Mary and Joseph knew Jesus was special, but they could never have imagined, however, that in his name the Church would be brought to birth.  The child born in Bethlehem, the Son given to us—from his very conception up to and including the Cross and Resurrection—is the very definition of surprise: born in a stable, giving his life on a cross, Rome’s instrument of terror, raised from the dead on Easter morning, to be the sacrament of salvation.  The story of Jesus is the story of the God of surprises.  As with our own children, all these surprises demanded trust and acceptance. Surprise is the order of the day when God is among us.

These surprises are a reflection of the greatest surprise of all.   For centuries the Jewish people dreamed of a Messiah and imagined what he would be like in various ways.  God’s chosen people had thought that the Messiah would emerge from the heavens in splendour, not in a stable among the straw and animals. The tradition had said that God would make his home in the great temple of Jerusalem, not in the womb of a surprised—even shocked—young woman. Yet our God—this God who took the name of Jesus—is a God of surprises.  “Faithful and constant, God is [full of surprise], … his love is endlessly inventive and he is calling [those whom he loves] to a union beyond the horizons of human hope” (Maria Boulding, Coming of God, 125).  Faith, hope and love beat for us in the heart of Jesus.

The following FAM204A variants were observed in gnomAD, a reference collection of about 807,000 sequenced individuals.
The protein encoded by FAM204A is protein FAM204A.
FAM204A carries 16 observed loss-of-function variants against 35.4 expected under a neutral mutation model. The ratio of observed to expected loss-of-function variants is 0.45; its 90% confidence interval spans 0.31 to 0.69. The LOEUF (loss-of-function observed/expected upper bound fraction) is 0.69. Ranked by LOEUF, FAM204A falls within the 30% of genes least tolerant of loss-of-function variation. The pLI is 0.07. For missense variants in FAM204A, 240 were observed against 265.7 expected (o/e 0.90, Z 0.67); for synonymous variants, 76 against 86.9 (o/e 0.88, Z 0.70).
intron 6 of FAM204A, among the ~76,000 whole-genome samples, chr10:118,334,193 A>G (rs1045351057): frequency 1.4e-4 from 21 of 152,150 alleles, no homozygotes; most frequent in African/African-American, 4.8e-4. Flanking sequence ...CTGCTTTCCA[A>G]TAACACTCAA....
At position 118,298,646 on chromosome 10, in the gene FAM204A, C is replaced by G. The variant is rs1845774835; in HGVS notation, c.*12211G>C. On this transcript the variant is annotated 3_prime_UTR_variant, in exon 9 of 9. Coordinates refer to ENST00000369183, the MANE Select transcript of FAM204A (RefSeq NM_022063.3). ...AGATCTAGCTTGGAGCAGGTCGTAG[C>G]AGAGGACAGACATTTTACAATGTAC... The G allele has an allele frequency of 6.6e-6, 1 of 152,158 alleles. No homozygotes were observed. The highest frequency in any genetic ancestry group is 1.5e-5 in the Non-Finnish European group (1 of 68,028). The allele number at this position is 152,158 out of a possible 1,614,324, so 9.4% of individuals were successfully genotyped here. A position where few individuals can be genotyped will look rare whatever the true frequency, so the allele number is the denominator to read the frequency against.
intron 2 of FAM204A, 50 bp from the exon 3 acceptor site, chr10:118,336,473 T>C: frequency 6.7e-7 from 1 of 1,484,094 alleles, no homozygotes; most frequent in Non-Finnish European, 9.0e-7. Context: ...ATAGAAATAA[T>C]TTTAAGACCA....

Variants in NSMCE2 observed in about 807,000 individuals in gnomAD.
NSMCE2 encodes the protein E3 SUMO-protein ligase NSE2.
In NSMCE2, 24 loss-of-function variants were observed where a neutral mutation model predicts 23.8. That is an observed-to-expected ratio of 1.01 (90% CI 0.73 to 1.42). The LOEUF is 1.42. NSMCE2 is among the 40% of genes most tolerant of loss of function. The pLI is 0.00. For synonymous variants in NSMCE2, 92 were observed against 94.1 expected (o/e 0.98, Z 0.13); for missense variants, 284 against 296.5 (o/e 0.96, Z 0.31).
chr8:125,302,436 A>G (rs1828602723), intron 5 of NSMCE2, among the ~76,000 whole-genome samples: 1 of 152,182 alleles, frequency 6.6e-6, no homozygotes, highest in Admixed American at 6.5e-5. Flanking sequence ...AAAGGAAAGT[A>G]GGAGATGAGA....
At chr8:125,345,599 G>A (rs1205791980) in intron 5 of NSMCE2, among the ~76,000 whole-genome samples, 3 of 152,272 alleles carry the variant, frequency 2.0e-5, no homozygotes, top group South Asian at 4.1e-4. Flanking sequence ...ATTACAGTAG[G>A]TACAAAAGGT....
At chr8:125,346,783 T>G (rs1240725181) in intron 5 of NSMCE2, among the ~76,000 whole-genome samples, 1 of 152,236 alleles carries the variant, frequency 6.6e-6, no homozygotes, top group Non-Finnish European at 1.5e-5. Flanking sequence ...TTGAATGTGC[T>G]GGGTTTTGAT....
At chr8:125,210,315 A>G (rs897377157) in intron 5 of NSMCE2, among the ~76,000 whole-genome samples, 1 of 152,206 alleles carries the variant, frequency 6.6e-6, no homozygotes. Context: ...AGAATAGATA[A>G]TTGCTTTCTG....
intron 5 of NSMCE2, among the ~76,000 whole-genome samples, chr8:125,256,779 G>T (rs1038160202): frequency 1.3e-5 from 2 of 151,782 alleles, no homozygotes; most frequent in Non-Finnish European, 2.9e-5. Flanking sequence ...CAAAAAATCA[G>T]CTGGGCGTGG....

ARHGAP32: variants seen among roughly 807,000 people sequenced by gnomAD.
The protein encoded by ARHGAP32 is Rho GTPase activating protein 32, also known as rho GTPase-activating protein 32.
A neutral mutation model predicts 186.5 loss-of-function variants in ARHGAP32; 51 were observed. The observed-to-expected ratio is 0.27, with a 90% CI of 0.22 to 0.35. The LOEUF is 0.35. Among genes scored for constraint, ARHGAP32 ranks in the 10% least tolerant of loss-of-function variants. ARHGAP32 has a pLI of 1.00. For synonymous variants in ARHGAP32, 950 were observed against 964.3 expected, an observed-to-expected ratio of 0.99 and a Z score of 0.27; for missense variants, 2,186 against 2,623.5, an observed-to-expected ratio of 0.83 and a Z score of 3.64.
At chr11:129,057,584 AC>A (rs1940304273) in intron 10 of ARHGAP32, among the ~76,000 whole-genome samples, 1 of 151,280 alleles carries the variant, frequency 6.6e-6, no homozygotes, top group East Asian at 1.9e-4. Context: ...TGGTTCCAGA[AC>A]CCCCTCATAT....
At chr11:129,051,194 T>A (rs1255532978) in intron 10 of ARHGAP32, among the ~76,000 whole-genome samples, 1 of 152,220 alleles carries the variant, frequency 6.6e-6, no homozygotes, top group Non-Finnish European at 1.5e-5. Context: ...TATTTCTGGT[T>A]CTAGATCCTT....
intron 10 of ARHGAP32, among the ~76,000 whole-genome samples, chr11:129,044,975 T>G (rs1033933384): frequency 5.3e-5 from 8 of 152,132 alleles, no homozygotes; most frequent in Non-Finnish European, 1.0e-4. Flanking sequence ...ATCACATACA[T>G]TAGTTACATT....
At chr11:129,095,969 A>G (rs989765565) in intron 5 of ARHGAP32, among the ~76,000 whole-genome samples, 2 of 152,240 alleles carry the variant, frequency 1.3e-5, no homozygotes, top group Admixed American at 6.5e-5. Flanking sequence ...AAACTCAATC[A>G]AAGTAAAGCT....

In the arrival of Jesus two worlds are brought into confrontation with each other, right from the moment of his birth.  The world of Caesar Augustus—a man-made world with all the pomp and trappings of power, it’s on show, callously indifferent to those who are fragile and vulnerable.   In Jesus and among those brought into the mystery of his mission, is the kingdom of God, another order, God’s way of doing things.  God’s world does not conform to the criteria of the empire.  Instead, the Kingdom of God works on hiddenness, gentleness, and meekness.  As Saint Paul pointed out to the Corinthians, “the foolishness of God is wiser than human wisdom, and the weakness of God is stronger than human strength” (1 Cor 1:25).  Who would have thought this is the way to salvation?   Who would have believed God uses our weakness, even more than our strengths, to fulfil God’s dream for us?